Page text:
If we lose power for more than just one week, mass hysteria would ensue. Then the longer power remains off, the more and more people will die.

In this scenario, I’m only looking at AI as an amazing tool. Another level up is if AI comes close to becoming a sentient being.

This takes us full circle back to the engineering code of ethics. Where the underlying principle is to protect the public.

This involves keeping an eye out for the evolution of technology.

I’m not at all saying to restrict the progression of AI. In fact, I’m all for AI. But, the work needs to be in a fenced area. Because we can’t predict possible future outcomes today, despite what anyone may think.

Thus, engineers today need to design and build around the future safety of humans.

Important Note: AI is a very hairy subject when it comes to ethics.

Would punishing AI be similar to punishing humans?

Consider we find it okay to enslave anything that’s more stupid than us humans. Look no further than zoos. So why would it be okay to enslave something that may be greatly more intelligent than us? 

So where do we draw the line? These are all questions the engineering code of ethics will one day need to address.

Upcoming ethical dilemmas with autonomous cars

Utilitarianism and human rights connect back with our discussion on future technology.

Imagine an autonomous car. It’s driving down a street going 50 miles per hour.

Then all of a sudden, a guy sprints across the street in front of the car. The car doesn’t have time to stop though.

At this point, the car can either slam into this person, or swerve. But if it swerves, it’ll slam into a group of three people.

So what should the car do?

Not respect the human rights of the sprinting person, and hit him? Or, do what’s perceived as less good by slamming into the three people?

This is the classical philosophical question with autonomous cars. The ethics here comes into play on where you draw the ethical line with public safety.

What’s more, is it okay for a machine to decide who to kill?

To better address this question, let’s go one step further. What if the car has a database, to determine the value of the life of different people? Thus, it’ll tap into this database when it knows it’ll more than likely kill someone.

Sounds beyond crazy and dystopian, but isn’t this what humans already do? Except humans are much slower in their decision-making. Plus, humans have much less data than a machine to support their decisions.

Now keep in mind, autonomous cars are machine learning-based. The program learns to drive based on billions and billions of experienced scenarios.

As a result, the car will make millions of calculations in less than a second. It’ll evaluate the following, before every decision:

  • Save as many lives as possible
  • Reduce the amount of damage
  • Follow road rules

Without a doubt, machines will eventually be much safer than human drivers. But when fatalities do still happen through an autonomous car, is that okay?

Or maybe the real future ethical question becomes, why do we still allow people to drive? People drive drunk, drive tired, and text while driving. Plus, most become paralyzed when faced with a life or death situation.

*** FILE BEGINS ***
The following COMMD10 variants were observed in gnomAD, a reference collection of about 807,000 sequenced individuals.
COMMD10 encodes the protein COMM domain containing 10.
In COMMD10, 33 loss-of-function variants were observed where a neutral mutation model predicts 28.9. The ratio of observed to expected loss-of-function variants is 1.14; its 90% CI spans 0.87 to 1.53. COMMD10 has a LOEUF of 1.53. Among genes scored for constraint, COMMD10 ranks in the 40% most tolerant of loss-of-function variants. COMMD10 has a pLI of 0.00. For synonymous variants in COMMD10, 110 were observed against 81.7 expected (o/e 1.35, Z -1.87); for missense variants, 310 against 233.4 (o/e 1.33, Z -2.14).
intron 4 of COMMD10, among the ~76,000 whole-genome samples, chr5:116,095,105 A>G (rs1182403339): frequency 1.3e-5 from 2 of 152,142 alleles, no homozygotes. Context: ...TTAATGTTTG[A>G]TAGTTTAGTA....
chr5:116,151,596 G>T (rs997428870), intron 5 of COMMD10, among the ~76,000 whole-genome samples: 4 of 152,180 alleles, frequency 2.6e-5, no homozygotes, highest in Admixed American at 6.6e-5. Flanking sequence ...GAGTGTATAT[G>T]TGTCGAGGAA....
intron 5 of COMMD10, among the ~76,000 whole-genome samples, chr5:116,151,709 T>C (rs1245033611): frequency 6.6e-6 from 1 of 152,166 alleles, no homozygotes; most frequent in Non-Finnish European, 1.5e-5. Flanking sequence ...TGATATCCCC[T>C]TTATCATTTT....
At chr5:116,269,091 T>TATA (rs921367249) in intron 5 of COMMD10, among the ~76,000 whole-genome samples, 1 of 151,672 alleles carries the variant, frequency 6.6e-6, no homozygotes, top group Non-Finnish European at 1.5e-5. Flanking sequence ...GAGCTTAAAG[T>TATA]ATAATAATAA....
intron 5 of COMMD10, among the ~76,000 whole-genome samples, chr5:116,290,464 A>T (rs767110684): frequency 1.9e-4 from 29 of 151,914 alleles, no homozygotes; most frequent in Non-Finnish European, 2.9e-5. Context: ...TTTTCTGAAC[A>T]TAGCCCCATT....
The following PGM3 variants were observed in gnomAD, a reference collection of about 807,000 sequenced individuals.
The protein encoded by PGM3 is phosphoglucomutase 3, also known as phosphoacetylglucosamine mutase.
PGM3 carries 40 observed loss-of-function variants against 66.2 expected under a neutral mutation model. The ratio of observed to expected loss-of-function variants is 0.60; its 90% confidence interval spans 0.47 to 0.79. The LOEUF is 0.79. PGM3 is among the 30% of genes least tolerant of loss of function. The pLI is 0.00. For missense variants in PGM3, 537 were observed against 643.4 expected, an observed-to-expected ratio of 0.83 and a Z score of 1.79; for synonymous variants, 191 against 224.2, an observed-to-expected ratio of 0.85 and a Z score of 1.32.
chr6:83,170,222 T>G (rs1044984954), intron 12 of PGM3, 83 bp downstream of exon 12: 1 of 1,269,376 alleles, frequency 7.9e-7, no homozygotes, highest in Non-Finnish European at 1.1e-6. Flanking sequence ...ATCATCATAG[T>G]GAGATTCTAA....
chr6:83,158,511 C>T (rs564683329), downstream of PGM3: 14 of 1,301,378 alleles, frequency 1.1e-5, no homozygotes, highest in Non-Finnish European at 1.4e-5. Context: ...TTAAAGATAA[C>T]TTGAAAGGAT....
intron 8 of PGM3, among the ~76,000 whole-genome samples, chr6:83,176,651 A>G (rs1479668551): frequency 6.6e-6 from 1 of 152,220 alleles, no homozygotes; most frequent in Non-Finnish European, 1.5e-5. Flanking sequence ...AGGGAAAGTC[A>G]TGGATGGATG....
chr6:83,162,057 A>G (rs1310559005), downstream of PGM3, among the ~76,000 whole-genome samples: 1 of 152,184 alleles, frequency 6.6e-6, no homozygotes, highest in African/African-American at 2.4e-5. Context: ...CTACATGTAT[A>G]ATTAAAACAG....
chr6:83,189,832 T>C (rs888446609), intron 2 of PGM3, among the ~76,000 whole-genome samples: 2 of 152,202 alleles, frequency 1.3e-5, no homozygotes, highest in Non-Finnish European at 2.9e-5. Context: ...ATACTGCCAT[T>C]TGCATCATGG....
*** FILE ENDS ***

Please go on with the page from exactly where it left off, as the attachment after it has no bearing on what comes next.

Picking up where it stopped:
Ethics follows far behind technology

Technology most always leads ethics, and even laws and regulations too. New ethical principles and measures are only adopted after we see the impact of new technology.

It typically takes several years after the release of new technology for changes to happen.

For example, change may only come after some people die from new technology. And that’s when new ethics and laws come into play to control the technology.

With that said, engineers can reduce the severity of regulations. Engineers can do this by making safe designs from day 1. I’m talking about designing every facet of new technology with public safety in mind.

I know, sounds easier said than done. Also, this will probably slow down the progress of technology.

But in the end, it may be a net win. Because what if the technology ends up killing a bunch of people? The tech then may permanently go on the shelf to collect dust.

In short, we need to ingrain the code of ethics into engineers to ensure future public safety. Also, to ensure technology can continue to grow without avoidable human regulations.

“Why do engineers follow a code of ethics?” wrap up

Engineers have an obligation to the public. This obligation takes shape by understanding and following the code of ethics.

And the better you understand, the safer life becomes for everyone. Because it’s expected that all engineers follow the code of ethics to the best of their ability.

It’s no different than when you go grocery shopping, and you expect to buy safe produce. You don’t question the mushrooms in the grocery aisle, thinking they may be poisonous.

In the end, following the code of ethics in engineering will continue to advance humanity. It’s how we’ve successfully moved out of caves and now live in a high-tech world.

Do you think all engineers equally follow a code of ethics? What do you think is the most important part of the code of ethics for engineers?